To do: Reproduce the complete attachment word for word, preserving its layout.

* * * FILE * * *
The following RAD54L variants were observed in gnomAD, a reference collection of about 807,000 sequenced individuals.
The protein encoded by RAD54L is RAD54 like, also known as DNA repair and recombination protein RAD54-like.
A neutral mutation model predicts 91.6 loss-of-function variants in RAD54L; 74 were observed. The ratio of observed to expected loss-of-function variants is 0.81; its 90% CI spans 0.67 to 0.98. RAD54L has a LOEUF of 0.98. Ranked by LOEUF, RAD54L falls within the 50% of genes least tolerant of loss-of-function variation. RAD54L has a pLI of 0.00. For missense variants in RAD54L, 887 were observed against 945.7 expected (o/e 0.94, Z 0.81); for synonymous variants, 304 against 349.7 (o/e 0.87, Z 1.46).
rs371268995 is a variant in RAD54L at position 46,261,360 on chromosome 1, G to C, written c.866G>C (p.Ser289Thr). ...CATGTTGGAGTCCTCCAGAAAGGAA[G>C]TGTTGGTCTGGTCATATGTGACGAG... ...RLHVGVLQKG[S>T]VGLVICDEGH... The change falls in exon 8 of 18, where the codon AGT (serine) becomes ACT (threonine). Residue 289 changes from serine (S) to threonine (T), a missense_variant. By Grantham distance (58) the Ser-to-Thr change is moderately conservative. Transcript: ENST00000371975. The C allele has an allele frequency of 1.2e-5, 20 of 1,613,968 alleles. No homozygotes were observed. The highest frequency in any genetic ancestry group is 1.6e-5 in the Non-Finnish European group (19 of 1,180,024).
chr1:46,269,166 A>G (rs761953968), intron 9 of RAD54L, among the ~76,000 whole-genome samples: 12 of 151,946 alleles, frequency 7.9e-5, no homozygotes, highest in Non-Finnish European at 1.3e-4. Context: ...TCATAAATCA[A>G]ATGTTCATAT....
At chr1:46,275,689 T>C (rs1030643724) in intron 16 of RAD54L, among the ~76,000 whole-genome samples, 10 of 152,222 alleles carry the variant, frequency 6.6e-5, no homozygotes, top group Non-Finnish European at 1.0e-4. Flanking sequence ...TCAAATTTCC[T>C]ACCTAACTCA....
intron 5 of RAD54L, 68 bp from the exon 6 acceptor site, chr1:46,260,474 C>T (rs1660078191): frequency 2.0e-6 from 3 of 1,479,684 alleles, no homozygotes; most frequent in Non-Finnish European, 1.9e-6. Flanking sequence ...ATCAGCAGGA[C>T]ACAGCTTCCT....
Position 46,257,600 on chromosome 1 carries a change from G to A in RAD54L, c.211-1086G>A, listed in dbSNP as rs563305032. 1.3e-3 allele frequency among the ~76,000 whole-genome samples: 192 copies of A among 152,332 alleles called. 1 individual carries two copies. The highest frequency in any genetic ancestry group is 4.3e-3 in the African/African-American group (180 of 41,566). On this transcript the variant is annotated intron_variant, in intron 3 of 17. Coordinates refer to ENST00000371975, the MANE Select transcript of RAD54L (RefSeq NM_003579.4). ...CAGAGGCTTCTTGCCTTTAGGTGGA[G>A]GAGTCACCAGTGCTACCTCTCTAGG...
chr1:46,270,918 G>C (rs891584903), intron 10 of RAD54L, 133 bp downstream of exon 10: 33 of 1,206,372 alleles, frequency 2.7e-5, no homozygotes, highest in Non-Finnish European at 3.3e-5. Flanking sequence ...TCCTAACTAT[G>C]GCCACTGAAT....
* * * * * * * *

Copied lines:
The following RAD54L variants were observed in gnomAD, a reference collection of about 807,000 sequenced individuals.
The protein encoded by RAD54L is RAD54 like, also known as DNA repair and recombination protein RAD54-like.
A neutral mutation model predicts 91.6 loss-of-function variants in RAD54L; 74 were observed. The ratio of observed to expected loss-of-function variants is 0.81; its 90% CI spans 0.67 to 0.98. RAD54L has a LOEUF of 0.98. Ranked by LOEUF, RAD54L falls within the 50% of genes least tolerant of loss-of-function variation. RAD54L has a pLI of 0.00. For missense variants in RAD54L, 887 were observed against 945.7 expected (o/e 0.94, Z 0.81); for synonymous variants, 304 against 349.7 (o/e 0.87, Z 1.46).
rs371268995 is a variant in RAD54L at position 46,261,360 on chromosome 1, G to C, written c.866G>C (p.Ser289Thr). ...CATGTTGGAGTCCTCCAGAAAGGAA[G>C]TGTTGGTCTGGTCATATGTGACGAG... ...RLHVGVLQKG[S>T]VGLVICDEGH... The change falls in exon 8 of 18, where the codon AGT (serine) becomes ACT (threonine). Residue 289 changes from serine (S) to threonine (T), a missense_variant. By Grantham distance (58) the Ser-to-Thr change is moderately conservative. Transcript: ENST00000371975. The C allele has an allele frequency of 1.2e-5, 20 of 1,613,968 alleles. No homozygotes were observed. The highest frequency in any genetic ancestry group is 1.6e-5 in the Non-Finnish European group (19 of 1,180,024).
chr1:46,269,166 A>G (rs761953968), intron 9 of RAD54L, among the ~76,000 whole-genome samples: 12 of 151,946 alleles, frequency 7.9e-5, no homozygotes, highest in Non-Finnish European at 1.3e-4. Context: ...TCATAAATCA[A>G]ATGTTCATAT....
At chr1:46,275,689 T>C (rs1030643724) in intron 16 of RAD54L, among the ~76,000 whole-genome samples, 10 of 152,222 alleles carry the variant, frequency 6.6e-5, no homozygotes, top group Non-Finnish European at 1.0e-4. Flanking sequence ...TCAAATTTCC[T>C]ACCTAACTCA....
intron 5 of RAD54L, 68 bp from the exon 6 acceptor site, chr1:46,260,474 C>T (rs1660078191): frequency 2.0e-6 from 3 of 1,479,684 alleles, no homozygotes; most frequent in Non-Finnish European, 1.9e-6. Flanking sequence ...ATCAGCAGGA[C>T]ACAGCTTCCT....
Position 46,257,600 on chromosome 1 carries a change from G to A in RAD54L, c.211-1086G>A, listed in dbSNP as rs563305032. 1.3e-3 allele frequency among the ~76,000 whole-genome samples: 192 copies of A among 152,332 alleles called. 1 individual carries two copies. The highest frequency in any genetic ancestry group is 4.3e-3 in the African/African-American group (180 of 41,566). On this transcript the variant is annotated intron_variant, in intron 3 of 17. Coordinates refer to ENST00000371975, the MANE Select transcript of RAD54L (RefSeq NM_003579.4). ...CAGAGGCTTCTTGCCTTTAGGTGGA[G>A]GAGTCACCAGTGCTACCTCTCTAGG...
chr1:46,270,918 G>C (rs891584903), intron 10 of RAD54L, 133 bp downstream of exon 10: 33 of 1,206,372 alleles, frequency 2.7e-5, no homozygotes, highest in Non-Finnish European at 3.3e-5. Flanking sequence ...TCCTAACTAT[G>C]GCCACTGAAT....